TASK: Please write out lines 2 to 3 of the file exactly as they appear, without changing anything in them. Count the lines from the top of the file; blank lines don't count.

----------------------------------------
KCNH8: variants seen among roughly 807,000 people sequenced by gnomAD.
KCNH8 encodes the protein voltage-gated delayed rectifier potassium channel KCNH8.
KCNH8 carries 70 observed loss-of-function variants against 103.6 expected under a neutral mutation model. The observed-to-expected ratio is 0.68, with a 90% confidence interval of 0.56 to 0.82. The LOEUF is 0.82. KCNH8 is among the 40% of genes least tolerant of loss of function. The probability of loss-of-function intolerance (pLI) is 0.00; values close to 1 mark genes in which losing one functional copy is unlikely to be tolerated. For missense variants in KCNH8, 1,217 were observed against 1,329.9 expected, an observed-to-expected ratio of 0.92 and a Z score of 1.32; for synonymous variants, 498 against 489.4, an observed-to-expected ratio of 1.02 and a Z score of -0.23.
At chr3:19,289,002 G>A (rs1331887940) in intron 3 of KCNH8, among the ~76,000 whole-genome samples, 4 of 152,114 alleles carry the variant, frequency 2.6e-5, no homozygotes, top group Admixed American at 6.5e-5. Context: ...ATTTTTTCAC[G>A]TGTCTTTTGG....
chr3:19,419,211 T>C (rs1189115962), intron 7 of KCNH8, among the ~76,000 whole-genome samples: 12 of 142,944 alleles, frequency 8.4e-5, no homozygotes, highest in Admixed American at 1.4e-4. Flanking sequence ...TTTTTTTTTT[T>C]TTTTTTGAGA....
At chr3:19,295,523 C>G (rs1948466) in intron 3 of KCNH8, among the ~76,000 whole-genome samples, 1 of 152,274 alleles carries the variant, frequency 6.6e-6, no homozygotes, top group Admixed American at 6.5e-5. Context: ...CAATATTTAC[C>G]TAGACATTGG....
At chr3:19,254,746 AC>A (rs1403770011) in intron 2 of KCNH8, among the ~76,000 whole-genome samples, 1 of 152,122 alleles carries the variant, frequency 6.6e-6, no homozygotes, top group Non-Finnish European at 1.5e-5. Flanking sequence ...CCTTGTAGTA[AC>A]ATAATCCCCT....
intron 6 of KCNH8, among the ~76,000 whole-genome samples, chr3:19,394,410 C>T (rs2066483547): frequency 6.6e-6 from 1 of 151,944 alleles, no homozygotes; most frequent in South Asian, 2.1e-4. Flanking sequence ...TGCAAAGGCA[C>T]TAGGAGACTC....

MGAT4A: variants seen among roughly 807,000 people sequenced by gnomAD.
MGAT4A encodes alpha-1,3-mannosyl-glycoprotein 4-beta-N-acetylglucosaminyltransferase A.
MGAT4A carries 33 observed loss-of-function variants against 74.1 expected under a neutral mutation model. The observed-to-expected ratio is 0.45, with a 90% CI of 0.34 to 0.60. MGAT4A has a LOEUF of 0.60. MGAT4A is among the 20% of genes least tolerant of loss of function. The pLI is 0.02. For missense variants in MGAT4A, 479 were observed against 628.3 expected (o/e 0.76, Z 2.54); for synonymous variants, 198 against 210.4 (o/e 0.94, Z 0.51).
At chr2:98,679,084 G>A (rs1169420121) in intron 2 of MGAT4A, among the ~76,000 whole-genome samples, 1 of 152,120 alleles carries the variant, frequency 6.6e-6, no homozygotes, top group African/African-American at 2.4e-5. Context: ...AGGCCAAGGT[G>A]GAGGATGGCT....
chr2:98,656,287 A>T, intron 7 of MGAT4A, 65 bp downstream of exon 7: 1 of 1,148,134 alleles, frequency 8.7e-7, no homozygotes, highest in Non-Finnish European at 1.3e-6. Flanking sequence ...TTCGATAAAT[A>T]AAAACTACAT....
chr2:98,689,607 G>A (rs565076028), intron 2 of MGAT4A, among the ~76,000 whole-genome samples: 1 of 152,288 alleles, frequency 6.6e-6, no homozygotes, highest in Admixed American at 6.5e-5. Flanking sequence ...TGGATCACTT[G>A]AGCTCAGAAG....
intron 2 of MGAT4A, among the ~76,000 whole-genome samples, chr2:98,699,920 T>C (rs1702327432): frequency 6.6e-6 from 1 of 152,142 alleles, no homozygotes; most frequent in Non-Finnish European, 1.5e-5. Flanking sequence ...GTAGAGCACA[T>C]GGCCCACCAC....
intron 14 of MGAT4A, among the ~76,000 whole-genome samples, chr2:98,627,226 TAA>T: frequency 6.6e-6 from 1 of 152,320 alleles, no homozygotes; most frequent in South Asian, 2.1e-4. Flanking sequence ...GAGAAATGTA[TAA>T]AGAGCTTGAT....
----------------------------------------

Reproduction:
KCNH8 encodes the protein voltage-gated delayed rectifier potassium channel KCNH8.
KCNH8 carries 70 observed loss-of-function variants against 103.6 expected under a neutral mutation model. The observed-to-expected ratio is 0.68, with a 90% confidence interval of 0.56 to 0.82. The LOEUF is 0.82. KCNH8 is among the 40% of genes least tolerant of loss of function. The probability of loss-of-function intolerance (pLI) is 0.00; values close to 1 mark genes in which losing one functional copy is unlikely to be tolerated. For missense variants in KCNH8, 1,217 were observed against 1,329.9 expected, an observed-to-expected ratio of 0.92 and a Z score of 1.32; for synonymous variants, 498 against 489.4, an observed-to-expected ratio of 1.02 and a Z score of -0.23.